Otitis Media: A Common Middle Ear Infection In Children

Otitis Media: A Common Middle Ear Infection In Children

18 Jan 2022 | 3 min Read

Dr Ashka Shah

Author | 1 Articles

Children between 6 months to 2 years are prone to ear infections. The most common type of ear infection seen in children is Otitis media. Upper respiratory tract infections cause swelling of the mucous membrane of the nose and throat; and reduces the clearance of bacteria from the nose. Along with this eustachian tube ( short tube connecting the nose/throat area and the ear) function gets impaired resulting in fluid collection in the middle ear. Bacteria and viruses follow ultimately causing inflammation in the middle ear.

Younger children tend to suffer from such infections as eustachian tube is often soft or immature in them and gets easily blocked by cold or allergens.

Factors that can lead to Otitis Media include:

  • Upper respiratory tract infection – usually viral such as a cold or flu
  • Pacifier use
  • Gastroesophageal reflux
  • Specific allergies leading to swelling of the nasal passage
  • Excessive air pollution or cigarette smoke
  • Entering of water in the ear (while bathing, swimming)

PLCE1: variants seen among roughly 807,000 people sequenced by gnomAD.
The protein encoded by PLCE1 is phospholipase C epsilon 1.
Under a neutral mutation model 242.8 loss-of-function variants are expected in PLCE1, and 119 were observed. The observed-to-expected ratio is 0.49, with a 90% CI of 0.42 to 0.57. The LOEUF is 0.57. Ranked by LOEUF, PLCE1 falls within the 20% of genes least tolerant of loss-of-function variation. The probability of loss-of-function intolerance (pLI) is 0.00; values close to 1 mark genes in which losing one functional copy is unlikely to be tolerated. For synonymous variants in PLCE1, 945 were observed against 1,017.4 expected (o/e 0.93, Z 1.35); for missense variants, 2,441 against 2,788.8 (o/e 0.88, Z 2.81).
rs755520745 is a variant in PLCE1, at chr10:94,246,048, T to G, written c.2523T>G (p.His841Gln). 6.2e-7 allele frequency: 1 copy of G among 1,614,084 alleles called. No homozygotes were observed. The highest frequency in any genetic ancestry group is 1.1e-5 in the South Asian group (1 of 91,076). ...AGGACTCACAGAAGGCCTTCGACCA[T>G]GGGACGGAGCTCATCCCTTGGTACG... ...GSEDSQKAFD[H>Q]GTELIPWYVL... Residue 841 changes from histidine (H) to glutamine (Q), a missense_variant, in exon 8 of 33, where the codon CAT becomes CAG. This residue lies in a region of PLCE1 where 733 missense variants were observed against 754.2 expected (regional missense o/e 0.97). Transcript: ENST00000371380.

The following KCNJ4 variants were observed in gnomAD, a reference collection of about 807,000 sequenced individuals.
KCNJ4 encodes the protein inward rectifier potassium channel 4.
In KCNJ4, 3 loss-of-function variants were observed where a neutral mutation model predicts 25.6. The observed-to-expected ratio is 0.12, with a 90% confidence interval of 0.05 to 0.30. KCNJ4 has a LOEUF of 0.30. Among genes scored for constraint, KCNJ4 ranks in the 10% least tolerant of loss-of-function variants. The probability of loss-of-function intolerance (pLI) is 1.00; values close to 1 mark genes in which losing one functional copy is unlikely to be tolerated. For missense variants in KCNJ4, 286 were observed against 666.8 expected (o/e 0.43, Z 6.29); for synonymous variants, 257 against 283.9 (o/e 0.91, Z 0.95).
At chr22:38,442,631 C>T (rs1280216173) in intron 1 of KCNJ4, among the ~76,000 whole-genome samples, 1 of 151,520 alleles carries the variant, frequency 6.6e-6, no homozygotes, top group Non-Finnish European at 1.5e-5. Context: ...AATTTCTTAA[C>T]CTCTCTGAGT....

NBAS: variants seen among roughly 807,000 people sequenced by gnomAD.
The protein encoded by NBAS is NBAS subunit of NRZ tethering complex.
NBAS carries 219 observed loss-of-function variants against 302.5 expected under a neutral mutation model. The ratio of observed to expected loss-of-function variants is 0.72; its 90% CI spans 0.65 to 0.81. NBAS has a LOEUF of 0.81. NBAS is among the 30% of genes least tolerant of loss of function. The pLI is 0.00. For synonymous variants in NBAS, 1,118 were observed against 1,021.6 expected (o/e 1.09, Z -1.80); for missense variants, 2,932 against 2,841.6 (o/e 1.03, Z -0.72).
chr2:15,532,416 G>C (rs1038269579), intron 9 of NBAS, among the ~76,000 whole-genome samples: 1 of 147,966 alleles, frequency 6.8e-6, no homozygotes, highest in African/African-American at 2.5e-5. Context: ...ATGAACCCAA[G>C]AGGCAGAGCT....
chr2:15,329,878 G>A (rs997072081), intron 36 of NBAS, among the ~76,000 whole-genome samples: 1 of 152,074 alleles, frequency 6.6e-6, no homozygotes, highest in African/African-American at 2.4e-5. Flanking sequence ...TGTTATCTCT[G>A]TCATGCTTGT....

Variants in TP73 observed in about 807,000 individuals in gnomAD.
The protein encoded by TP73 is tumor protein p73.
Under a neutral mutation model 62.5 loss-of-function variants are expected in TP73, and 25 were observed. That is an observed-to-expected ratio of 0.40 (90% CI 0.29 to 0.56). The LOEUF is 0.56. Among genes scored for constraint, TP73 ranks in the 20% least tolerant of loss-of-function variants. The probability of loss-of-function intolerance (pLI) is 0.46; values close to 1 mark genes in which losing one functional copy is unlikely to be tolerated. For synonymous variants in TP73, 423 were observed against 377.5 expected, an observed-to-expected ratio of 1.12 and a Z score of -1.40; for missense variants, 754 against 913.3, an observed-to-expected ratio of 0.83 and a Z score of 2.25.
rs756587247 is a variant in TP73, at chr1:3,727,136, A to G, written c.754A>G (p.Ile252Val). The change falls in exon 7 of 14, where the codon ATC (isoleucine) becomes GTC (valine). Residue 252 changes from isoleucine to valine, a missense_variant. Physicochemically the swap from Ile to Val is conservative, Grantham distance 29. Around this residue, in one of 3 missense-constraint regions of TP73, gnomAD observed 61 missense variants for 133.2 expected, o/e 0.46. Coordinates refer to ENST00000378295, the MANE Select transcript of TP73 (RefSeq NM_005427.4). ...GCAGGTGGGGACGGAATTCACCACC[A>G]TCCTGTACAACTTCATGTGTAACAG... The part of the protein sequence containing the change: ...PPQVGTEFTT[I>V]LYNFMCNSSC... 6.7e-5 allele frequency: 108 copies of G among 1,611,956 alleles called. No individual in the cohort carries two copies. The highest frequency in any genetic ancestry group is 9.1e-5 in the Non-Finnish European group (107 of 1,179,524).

Otitis media when they get severe can lead to loss of hearing, tearing of the eardrum, delayed development of speech, and infection in the adjacent areas like the bone present behind the ear (mastoid bone), membrane coverings around the brain, and spinal cord. Severe spread of infection towards the brain and spinal cord can lead to meningitis.

It is important to prevent your little ones from such adverse health conditions.

A few of the ways to prevent and manage Otitis Media or ear infection in children include:

  • Vaccinate your children with PCV (pneumococcal conjugate vaccine) and annual influenza vaccine. Vaccination can lower the risk of an ear infection.
  • Continue exclusive breastfeeding for atleast first 6 months of life and try continuing one year and beyond as long as mutually desired by mother and the baby. The antibodies present in breast milk support their immune system to fight such infections.
  • Avoid bottle feeding while in sleeping position.
  • If using pacifiers – try eliminating its use by first birthday.
  • Keep your, as well as your children’s hands, clean all the time.
  • Keep your children away from cigarette smoke and air pollution.
  • Avoid sick people coming in contact with your children as they may infect them with bacteria and viruses.
  • Maintain good oral hygiene in your children.
  • Avoid excess water entering your children’s ears. Keep their ears clean and dry all the time.
  • Protect their ears with ear plugs/bathing caps while swimming to avoid water entering their ears.
  • In case of an ear infection, strictly avoid swimming and use the prescribed medication regularly.

#childhealth #babycare

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